Why is our generation becoming complacent when it comes to feminism and rejecting these harmful stereotypes? Well, it’s just not very cool.

Feminism strikes up images of bra-burning, man-hating, hairy-legged hippies in younger women. During the recent US election, former American Idol winner and Republican Kelly Clarkson made news (somehow), by putting her support behind President Obama’s re-election, even though he is of course a Democrat. As well as supporting marriage equality, Clarkson supported the president on his pro-women efforts, which put her at odds with pro-life Republican nominee, Mitt Romney and was quoted as saying:

“I’m not a hardcore feminist but we can’t be going back to the 50s.”

Right. See the problem here?

Clarkson is 30 and has been in the public eye for the last decade after her Idol success. She’s been a positive role model to teenage girls, boasting a miriade of female-positive pop songs and not giving a damn about coping flack by the media for her fuller figure. But here she demonstrates what many women of generation Y and younger are buying into; standing up for women’s rights and rejecting a stereotype is equated to being a “hardcore” feminist, an extremist.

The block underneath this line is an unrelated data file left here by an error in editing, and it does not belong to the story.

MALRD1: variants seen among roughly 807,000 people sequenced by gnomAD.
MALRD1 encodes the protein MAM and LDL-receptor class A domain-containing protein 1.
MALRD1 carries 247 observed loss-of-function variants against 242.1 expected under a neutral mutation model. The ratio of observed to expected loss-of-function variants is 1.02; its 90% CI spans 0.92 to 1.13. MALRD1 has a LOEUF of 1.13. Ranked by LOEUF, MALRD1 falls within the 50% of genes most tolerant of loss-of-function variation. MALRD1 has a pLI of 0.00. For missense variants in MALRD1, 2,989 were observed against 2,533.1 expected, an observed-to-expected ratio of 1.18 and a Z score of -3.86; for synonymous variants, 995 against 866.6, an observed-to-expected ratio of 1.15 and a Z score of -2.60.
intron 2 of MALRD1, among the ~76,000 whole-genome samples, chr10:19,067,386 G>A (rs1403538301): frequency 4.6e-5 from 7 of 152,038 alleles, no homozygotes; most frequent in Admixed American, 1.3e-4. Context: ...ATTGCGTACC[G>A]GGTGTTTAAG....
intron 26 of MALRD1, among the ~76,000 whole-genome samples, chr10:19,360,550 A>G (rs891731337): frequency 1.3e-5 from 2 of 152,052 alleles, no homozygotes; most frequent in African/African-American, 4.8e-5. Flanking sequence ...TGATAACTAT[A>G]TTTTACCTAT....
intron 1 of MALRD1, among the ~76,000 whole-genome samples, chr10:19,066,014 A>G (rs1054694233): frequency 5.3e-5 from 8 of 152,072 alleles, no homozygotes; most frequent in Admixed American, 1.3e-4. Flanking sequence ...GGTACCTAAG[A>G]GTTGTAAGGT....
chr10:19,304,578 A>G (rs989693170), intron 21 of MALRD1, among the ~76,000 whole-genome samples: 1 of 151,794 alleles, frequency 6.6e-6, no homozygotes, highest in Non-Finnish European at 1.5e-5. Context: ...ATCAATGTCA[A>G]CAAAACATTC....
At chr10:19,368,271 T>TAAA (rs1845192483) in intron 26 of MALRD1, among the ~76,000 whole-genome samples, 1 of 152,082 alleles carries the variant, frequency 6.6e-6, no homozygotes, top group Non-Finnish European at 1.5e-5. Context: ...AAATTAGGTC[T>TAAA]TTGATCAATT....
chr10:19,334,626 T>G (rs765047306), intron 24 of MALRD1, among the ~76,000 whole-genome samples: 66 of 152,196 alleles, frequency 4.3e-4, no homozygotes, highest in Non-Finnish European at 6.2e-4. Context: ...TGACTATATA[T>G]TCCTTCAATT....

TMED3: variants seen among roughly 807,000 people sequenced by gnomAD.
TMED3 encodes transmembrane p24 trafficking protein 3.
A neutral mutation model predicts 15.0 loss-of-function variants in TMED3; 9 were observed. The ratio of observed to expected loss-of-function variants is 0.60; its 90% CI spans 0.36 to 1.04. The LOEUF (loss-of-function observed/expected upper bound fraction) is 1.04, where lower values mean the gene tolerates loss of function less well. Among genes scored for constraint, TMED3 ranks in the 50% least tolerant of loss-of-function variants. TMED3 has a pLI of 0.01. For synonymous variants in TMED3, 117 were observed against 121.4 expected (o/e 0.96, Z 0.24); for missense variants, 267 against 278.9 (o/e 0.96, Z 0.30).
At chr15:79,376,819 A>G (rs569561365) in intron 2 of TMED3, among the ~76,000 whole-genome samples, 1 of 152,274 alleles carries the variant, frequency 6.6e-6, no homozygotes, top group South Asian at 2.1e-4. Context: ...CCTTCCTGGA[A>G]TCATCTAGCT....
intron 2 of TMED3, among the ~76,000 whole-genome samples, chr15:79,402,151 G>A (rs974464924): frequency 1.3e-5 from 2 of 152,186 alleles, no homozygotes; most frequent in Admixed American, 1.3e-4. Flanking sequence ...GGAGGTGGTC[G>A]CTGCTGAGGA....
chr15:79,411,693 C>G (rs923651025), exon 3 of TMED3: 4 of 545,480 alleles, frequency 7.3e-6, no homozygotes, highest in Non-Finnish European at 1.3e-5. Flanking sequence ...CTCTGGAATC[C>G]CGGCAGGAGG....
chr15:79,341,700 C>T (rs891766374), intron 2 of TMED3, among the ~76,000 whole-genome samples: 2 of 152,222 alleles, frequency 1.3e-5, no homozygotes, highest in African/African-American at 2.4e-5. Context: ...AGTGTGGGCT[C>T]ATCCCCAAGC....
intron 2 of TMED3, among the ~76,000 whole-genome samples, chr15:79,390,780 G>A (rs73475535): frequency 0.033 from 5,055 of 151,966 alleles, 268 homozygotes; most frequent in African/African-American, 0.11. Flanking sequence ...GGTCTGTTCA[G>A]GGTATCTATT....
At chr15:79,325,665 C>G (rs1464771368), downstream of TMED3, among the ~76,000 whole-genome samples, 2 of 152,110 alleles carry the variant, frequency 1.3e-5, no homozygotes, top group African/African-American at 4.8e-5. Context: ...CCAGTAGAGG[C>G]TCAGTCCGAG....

I’m guilty of buying into this too. When a male friend called me a feminist, because I was vocally annoyed over something I saw as sexist, I was quick to deny it and take offense. It wasn’t because I’m not a feminist; I am a feminist and I believe obtaining equality between the sexes, but it was because I didn’t want to labelled and lumped in with the image of the smelly, hairy, saggy man-hater, the ugly brush that the women we owe our freedoms to have been painted with. Younger women are afraid of coming across this way, so we don’t stand up and say, “Stop sanctioning rape on twitter, you moron” and “This hash tag is offensive and I’ll have no part of it”.

We stay silent, or we join in. And that is not okay.

Believe it or not, you can wear high heels and make up and dresses and still be a feminist and support women’s rights.

Even as I proof read this essay, there’s a niggling doubt left in my mind. Am I being too preachy? Am I sounding like some awful harpy, banging on about feminism? Am I somehow going to sound less credible by admitting that I’m happy to be a feminist?